Tuesday, July 31, 2012

Follow up to Natural, Frugal, and Effective

A couple of you asked for details on using apple cider vinegar (ACV) as a hair conditioner so I thought I'd just write another post explaining what I do.

Let me first just say that I am a huge fan of the creation of vinegar.  God is so creative and clever!  I really enjoy finding the next use for vinegar.

Not only do I use ACV for a hair conditioner, but I use white vinegar as a fabric softener too (just add it to the fabric softener spot on my washing machine and that's it!  I don't even use dryer sheets and get soft towels - even when they are line dried.)

Just last week we used white vinegar to tackle the ivy and weeds in the backyard.  We will probably have to take another shot at killing that incredulously stubborn ivy, but I am sure my vinegar will pull through for me.

I've also used white vinegar to kill a nasty plantars wart.  Gross I know, but I tried everything, including wart remover, and the only thing that worked was soaking my feet in vinegar water.

And of course, I clean with vinegar.  I don't like the smell of vinegar so I have an order of peppermint essential oil and some vanilla beans on the way (which should arrive today - I'm super excited!), and I have a jar of vinegar in process of becoming infused by lemon peels.  I hope to also infuse some vinegar with orange peels soon.

So, onto using ACV as a hair conditioner.

I went to the store, bought a bottle of ACV, and put it in my shower.  Instead of using my normal conditioner, I poured a little ACV on my hair, especially at the tips, until I could tell all of my hair was soft from the ACV "conditioner".  Then I rinsed.  It definitely smells when my hair is wet, but once it is dry, it doesn't stink - it simply smells like hair or maybe a hint of the shampoo smell.  And my hair is even a bit softer than when I used normal conditioner. 

So - there ya go.  That's how I use ACV to condition my hair.  I've heard of people putting the vinegar in a ketchup bottle to make it easier for even distribution, and some people add water to the vinegar.  But I just keep it simple and use it straight from the bottle.  Since I'm not a big fan of the smell (though I can deal with it knowing I'm saving money and using something that is totally natural), I will probably add some vanilla beans (if my husband doesn't make me donate all of the vanilla beans to his coffee roasting endeavors) to the jar to infuse the ACV and tone down the smell.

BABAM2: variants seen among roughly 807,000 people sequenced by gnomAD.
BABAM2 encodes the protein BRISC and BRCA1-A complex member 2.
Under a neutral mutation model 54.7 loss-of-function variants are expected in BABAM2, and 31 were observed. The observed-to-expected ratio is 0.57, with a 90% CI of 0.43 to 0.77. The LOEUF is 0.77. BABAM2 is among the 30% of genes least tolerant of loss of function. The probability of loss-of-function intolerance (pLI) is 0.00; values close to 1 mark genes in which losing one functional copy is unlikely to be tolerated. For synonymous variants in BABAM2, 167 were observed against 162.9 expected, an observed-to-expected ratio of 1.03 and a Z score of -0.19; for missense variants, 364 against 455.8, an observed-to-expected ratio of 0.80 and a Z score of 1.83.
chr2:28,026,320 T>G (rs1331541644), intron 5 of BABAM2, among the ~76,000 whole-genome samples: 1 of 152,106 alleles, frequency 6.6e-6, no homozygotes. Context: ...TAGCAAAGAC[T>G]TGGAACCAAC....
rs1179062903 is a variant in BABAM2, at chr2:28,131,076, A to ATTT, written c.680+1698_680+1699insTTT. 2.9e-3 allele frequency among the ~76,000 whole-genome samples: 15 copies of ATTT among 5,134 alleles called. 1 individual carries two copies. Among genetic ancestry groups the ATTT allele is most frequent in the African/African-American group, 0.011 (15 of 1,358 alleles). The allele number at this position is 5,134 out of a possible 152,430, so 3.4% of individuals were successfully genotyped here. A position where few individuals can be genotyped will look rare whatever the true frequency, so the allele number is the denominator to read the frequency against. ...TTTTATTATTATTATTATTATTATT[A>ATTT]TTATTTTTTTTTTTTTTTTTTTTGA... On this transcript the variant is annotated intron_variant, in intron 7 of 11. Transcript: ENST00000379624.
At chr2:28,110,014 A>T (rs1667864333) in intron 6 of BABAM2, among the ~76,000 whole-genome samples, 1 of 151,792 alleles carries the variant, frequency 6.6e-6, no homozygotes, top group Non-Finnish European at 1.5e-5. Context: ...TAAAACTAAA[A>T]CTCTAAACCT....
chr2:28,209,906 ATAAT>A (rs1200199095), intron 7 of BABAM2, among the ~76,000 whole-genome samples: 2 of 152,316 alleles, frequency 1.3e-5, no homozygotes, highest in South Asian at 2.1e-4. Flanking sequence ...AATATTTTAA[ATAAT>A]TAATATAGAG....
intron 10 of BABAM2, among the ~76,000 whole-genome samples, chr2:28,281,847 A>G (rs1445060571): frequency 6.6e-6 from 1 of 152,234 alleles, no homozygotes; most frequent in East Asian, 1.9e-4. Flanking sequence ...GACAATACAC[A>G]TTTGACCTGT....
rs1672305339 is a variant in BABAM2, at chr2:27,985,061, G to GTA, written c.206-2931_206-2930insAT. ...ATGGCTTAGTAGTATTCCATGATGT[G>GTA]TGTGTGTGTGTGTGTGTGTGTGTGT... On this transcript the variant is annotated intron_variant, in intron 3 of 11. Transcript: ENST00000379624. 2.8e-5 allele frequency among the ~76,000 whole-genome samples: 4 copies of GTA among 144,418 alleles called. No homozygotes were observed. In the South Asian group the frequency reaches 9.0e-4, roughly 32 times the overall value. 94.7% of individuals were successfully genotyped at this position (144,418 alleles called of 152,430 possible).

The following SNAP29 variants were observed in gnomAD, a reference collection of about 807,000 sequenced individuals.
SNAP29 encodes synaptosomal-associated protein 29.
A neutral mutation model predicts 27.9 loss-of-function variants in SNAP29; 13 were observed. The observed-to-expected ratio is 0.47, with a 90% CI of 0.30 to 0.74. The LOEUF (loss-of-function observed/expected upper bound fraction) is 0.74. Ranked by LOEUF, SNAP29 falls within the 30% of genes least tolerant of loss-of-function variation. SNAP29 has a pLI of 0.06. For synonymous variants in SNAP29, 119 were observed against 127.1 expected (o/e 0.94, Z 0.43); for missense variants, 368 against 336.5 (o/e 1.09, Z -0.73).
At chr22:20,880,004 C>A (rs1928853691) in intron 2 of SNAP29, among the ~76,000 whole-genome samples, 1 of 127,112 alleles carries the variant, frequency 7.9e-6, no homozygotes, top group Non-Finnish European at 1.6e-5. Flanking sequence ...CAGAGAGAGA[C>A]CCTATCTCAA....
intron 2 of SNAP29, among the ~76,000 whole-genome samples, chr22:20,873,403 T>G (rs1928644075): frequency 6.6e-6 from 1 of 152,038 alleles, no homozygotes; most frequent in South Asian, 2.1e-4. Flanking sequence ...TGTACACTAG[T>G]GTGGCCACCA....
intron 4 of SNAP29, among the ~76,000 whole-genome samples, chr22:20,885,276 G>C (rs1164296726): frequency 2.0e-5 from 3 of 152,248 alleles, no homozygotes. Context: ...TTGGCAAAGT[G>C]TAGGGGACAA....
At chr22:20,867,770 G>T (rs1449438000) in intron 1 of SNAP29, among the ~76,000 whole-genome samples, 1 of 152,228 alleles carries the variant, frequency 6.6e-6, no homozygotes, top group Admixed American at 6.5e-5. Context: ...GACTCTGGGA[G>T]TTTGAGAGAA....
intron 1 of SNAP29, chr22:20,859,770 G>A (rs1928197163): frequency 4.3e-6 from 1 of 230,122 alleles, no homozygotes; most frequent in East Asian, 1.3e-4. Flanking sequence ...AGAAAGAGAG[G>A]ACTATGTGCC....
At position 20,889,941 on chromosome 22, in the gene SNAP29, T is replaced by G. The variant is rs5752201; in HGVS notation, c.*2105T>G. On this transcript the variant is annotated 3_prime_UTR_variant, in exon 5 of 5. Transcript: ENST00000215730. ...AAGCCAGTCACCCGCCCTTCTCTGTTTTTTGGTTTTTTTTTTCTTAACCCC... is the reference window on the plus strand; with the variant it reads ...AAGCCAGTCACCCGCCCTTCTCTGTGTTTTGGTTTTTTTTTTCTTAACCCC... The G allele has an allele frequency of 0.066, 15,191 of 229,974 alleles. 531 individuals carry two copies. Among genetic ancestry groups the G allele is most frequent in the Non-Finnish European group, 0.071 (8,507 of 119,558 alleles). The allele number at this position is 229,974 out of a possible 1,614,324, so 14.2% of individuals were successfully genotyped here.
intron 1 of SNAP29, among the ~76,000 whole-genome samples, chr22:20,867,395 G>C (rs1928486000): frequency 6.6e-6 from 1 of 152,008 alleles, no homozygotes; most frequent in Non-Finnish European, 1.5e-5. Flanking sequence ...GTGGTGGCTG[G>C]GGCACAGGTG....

Let me know how it goes and enjoy saving money!


  1. Very cool! I am going to have to try this.. only issue I see with this is my hair takes a REALLY long time to dry..but totally worth a shot!

  2. My hair takes a long time to dry too. Do you use a hair dryer or just air dry?

  3. Aaaaah! Shannon's blogging again!

    I just can't tell you how happy this makes me! It makes me very very happy!

    Love you bunches!


    1. I would agree with Tiffany! Thanks for sharing!

  4. Lee says he can always tell how emotionally healthy I am based on the number of blogs I am posting. So he's pretty happy too. :)

  5. Shannon, I love you blogs, and I plan on trying to make the laundry detergent, dish washing soap...and I will especially try the vinegar. I already have some in my house! Thanks for sharing your secrets! I really appreciate it! Kym

  6. Even though it sounds weird, I read in a "nature spa" type book about ACV balancing out itchy dry skin. Every once in a while in the winter when my skin just seems out of wack, I use dilute ACV as "soap" and things get back into balance. Weird how acid can actually make you feel more moisturized. Thank you lovely acidic skin.

  7. Shannon - another use for white vinegar - it heals athletes feet (or more accurately kills tinea pedis fungus). I agree the smell is horrible but it works!


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